It was the flash of color I caught in the corner of my eye.
She was just out of range and moving closer, like the East Coast hurricanes that come up the coast each autumn. As she came into view I gazed with the childish fascination that has always been my Achilles heel.
Long, smoothly muscled thighs blessed with no cellulite graced a six-foot frame that rivaled The Mod Squad itself, but it was the item below that had drawn my attention.
Tall, tall boots, shocking bubblegum pink patent leather delicately enslaved by two fake diamond ropes criss-crossing the top of her feet took my breath away. The boots went over the top of the knee cap, with big tin buckles locking the ankles and 4-inch silver spike heels that guarded her tinsel soles. They screamed at me.
The rest of the ensemble wasn’t much different. A white spandex version of the "little black dress" hugged her body. "At least her underwear is covered", I muttered, "but I definitely would NOT wear such a garment with that kind of an ass" – you know, the small-and-skinny-but-sort-of-droopy kind. A short jeans jacket at least partially hid the plunging neckline (why do they call it a NECK line when it so clearly isn’t?). A loud cotton-candy colored chiffon scarf hung over that.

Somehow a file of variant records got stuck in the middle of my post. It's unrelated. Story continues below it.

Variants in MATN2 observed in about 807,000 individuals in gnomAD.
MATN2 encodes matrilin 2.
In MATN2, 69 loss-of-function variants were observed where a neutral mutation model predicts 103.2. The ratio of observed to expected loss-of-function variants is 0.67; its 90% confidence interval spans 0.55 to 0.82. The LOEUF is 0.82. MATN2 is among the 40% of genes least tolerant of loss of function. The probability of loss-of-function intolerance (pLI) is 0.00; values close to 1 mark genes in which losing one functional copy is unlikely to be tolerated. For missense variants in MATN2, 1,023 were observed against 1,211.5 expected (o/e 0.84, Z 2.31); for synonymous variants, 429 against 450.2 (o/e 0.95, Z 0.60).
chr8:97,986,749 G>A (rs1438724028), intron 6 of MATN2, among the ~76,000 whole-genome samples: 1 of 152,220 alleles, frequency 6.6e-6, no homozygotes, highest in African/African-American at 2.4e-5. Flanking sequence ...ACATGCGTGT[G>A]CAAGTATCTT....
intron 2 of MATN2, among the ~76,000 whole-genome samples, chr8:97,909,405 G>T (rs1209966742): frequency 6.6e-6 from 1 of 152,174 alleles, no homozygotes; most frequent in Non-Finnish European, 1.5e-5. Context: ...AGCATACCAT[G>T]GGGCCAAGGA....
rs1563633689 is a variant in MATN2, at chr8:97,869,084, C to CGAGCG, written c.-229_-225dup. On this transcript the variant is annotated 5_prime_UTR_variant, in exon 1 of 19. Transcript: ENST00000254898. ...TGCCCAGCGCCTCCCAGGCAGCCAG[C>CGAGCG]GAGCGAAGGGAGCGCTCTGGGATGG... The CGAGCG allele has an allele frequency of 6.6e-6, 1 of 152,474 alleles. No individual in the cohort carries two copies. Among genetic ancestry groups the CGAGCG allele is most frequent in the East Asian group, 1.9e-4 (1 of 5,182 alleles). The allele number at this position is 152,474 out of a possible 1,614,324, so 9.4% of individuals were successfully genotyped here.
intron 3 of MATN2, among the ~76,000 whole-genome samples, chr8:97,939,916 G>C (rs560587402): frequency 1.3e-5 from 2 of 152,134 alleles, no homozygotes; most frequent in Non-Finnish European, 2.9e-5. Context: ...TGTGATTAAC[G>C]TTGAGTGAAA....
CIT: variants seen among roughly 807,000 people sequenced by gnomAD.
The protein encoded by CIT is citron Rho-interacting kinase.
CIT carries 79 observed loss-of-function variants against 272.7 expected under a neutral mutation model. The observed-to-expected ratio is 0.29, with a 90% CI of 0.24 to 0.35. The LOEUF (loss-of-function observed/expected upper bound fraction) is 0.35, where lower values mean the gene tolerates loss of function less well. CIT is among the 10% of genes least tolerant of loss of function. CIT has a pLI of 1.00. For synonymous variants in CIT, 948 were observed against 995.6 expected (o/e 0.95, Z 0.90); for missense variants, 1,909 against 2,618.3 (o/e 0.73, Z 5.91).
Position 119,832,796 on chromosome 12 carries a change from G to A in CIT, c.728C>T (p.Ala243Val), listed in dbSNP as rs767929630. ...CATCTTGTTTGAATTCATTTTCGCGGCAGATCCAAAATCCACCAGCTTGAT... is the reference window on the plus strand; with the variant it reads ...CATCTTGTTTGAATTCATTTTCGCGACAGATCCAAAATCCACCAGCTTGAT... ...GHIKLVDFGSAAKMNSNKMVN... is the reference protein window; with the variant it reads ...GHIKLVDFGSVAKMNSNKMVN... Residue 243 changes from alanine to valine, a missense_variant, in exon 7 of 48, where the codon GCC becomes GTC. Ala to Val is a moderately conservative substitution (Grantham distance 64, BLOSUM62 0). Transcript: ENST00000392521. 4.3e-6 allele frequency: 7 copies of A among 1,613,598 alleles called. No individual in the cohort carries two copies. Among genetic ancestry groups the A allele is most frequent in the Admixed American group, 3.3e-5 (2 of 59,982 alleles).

"Makeup and hair courtesy of The Rocky Horror Picture Show", I muttered again.
Short, spiky black-dyed hair with its gel sparkling under the mall lights framed her face. Large hooded eyes were made larger with blue-black eyeshadow and heavy black eyeliner and mascara and the lines of her face were made almost gaunt thanks to muddy blush (rouge, my mother called it). It was clear that this young woman had never had the benefit of modern-day orthodontics in childhood; the narrow jaw did nothing to enhance her long white teeth, not quite contained in the black-lined lips stained purple.
Dan had not even noticed until I pointed her out to him. With restrained amusement, he asked politely if that was what I had been staring at. I could not believe that he had totally missed it.
"She looks like she is trying to be a model," I said. "Maybe she is? Or maybe just a wannabe," I added, a little crestfallen.
"More likely the latter," Dan commented. He is the master of understatement, an Israeli who spent his adolescence and adulthood in England. He was trained by the best. You can tell.
We were sitting at a café in the Negev Mall in Beersheva, sipping coffee and congratulating ourselves and each other on the salad and salmon we had chosen in deference to our new diet. I love people-watching and Thursday had been no exception. As we shared our pains and our pleasures while giving our agonized feet a break, I had been recounting with relish the deal I had just cut on a purchase in the Bedouin market. The vendor (a Bedouin, naturally) had started at 100 NIS on a feenjon that was definitely not worth the price, but one that I liked.